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Don't Rock the Boat


Sumiki

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-----It was get-up-and-go from our hotel to the departure point for our tour boat around Kenai Fjords National Park. We had to be there at 7:00 for boarding at 7:30 for an eventual departure at 8:00. Our tour took us through the waters around Seward, and the wildlife we saw was impeccable: a dozen-odd sea otters (one of which had napped all the way to much deeper waters), several pods of orcas who crested early and often around and under the ship, several humpback whales who displayed their tails for us as they dove deep, a score of sea lions, and a few seals. Our captain stopped for a great while during these sightings, and after a few minutes without running engines, the boat really started to rock. This wasn't much fun, but no one suffered ill effects, as getting the boat moving at its maximum speed of roughly 22 knots mitigated the impossible-to-walk-on-straight tilting.

 

-----The coolest (pun intended) part of the journey was Holgate Glacier, whose massive ice face flows six feet per day off the Harding Icefield. While many of the glaciers have receded in recent decades due to the effects of a gradually warming climate, it doesn't diminish their awesome power. The captain rolled up perhaps a mile away, and yet the deep creaking and crackling of the glacier made it as if a scene from an alien world. Seeing what appeared to be small chunks of ice calve off and fall to the sea, only to hear an epic and thunderous thud moments later, gave a sense of scale to the place. The frigid wind sweeping off of the glacier blew in our faces, but yet we persevered in order to catch a glimpse of the next big calve.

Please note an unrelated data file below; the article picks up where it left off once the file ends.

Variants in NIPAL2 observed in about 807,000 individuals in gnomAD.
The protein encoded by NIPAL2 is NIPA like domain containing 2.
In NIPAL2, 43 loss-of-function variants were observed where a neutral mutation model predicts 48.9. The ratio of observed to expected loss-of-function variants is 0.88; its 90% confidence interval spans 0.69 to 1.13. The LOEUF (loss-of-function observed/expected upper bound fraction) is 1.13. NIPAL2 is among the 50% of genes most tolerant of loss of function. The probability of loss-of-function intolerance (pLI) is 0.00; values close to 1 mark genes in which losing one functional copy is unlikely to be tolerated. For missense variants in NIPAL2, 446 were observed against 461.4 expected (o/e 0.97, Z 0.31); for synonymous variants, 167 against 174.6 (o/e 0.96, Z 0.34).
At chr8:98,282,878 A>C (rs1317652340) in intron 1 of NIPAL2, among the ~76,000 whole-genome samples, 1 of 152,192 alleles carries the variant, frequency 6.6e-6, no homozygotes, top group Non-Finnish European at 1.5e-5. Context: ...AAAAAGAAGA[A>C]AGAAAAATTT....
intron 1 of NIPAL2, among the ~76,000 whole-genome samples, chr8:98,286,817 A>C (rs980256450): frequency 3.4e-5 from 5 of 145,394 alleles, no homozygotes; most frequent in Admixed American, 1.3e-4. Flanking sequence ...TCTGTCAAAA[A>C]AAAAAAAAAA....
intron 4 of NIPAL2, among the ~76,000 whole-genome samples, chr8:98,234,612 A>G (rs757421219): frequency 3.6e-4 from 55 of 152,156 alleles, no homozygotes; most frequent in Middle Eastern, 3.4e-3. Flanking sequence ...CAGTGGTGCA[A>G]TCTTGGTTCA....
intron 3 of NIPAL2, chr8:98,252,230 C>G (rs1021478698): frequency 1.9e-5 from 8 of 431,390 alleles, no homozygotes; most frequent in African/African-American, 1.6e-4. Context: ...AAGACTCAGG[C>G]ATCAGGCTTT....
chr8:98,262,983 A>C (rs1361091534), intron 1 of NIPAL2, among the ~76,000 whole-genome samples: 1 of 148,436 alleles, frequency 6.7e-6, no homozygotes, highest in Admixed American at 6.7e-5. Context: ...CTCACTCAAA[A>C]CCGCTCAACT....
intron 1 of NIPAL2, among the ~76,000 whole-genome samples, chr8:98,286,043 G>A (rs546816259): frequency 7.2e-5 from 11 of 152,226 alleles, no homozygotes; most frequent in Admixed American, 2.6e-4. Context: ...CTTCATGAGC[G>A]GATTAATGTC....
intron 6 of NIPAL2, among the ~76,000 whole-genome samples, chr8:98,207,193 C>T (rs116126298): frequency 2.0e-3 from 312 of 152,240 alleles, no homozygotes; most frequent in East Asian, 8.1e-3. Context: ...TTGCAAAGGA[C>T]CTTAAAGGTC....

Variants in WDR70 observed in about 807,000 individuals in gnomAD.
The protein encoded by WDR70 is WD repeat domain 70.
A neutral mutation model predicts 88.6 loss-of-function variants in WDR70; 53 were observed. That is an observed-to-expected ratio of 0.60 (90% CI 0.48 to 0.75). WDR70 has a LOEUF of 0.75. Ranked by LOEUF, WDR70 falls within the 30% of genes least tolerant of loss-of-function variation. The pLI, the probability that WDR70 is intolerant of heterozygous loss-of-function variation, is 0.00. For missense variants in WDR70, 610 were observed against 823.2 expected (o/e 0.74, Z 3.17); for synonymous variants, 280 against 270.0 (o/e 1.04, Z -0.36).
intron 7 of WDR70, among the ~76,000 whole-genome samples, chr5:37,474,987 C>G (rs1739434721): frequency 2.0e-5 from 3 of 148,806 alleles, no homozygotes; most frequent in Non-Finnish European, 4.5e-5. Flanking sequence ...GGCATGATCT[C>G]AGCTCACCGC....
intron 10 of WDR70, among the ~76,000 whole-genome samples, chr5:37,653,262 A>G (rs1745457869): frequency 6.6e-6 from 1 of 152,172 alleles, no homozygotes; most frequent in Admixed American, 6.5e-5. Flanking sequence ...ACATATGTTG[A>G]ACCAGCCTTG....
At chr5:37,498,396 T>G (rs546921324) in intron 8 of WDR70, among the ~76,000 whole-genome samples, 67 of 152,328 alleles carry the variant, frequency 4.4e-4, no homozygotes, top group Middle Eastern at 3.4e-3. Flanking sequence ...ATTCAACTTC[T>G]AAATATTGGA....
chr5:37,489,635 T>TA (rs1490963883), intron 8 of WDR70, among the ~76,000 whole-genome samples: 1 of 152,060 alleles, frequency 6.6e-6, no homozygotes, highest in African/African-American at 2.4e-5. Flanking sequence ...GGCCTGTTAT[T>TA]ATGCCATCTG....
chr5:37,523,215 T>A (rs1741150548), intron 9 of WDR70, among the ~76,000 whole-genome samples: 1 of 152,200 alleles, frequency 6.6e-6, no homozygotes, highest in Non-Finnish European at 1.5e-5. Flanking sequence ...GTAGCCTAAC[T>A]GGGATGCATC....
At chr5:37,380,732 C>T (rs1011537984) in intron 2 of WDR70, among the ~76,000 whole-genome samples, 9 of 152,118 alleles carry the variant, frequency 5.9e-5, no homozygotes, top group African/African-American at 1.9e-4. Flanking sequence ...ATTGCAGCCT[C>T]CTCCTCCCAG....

-----Because of the unusual abundance of wildlife, we got back to Seward closer to 3:00 than our expected arrival time of 2:00, but we had no other place to be than up to Girdwood—specifically, the Double Musky Inn. My dad has been talking about the Double Musky since I can remember, and from the well-worn 30-year-old cookbook at home came the recipe for shrimp étouffée, which he was obsessed with ordering since we first started planning this Alaska journey in earnest. We got to Girdwood at 4:30, a half-hour before the Double Musky opened, so we decided to check into our hotel before doubling back in the small community. (Interestingly, Girdwood isn't even a town, but rather is incorporated within Anchorage despite being nearly an hour's drive further south.)

 

-----Enter the tour buses. We'd seen our fair share of these around Alaska, but it's past Memorial Day and into June and so there were several parked in front, blocking vehicles from entering. The lines to check in at the short-staffed front desk grew massive, and when we finally reached our room, we walked past a team of housekeepers who—at 5:00—were just now getting to third-floor rooms. It's nice in as far as accommodations are concerned, but the manner in which things are run leaves something to be desired.

 

-----We showered for the first time in several days and were able to drive back down to the Double Musky at around 6:00. The small eclectic interior is adorned with tiny signs and tchotchkes from turn-of-the-century soda advertisements to coasters advertising German beers to—of course—all manner of cajun paraphernalia. It's tightly packed and they were running as if short-staffed due to the number of people they cram in, but hey—at least we got in ahead of influx of the tour buses.

 

-----My dad ordered his beloved étouffée, and said that it was spicy but excellent. My mom got an appetizer of crab cakes (which were very spicy) and myself perhaps the blandest (and worst) thing on the menu in the beef tip appetizer. I'd not eaten solid food in about 48 hours save for a few granola bars on the ship, and I was loathe to introduce anything remotely spicy to my system. I ate about half of it, but mainly just enjoyed the look on my dad's face as he savored his étouffée, which he reported as being the same as my mom's recreation save for the fact that it was laced with hot sauce and thus significantly spicier. (Thank goodness for Zantac.) Dessert—of which I partook a single bite—was "cajun delight," and it was basically cream-flavored air.

-----Tomorrow: we return to Tok, as the journey back to the Yukon begins.

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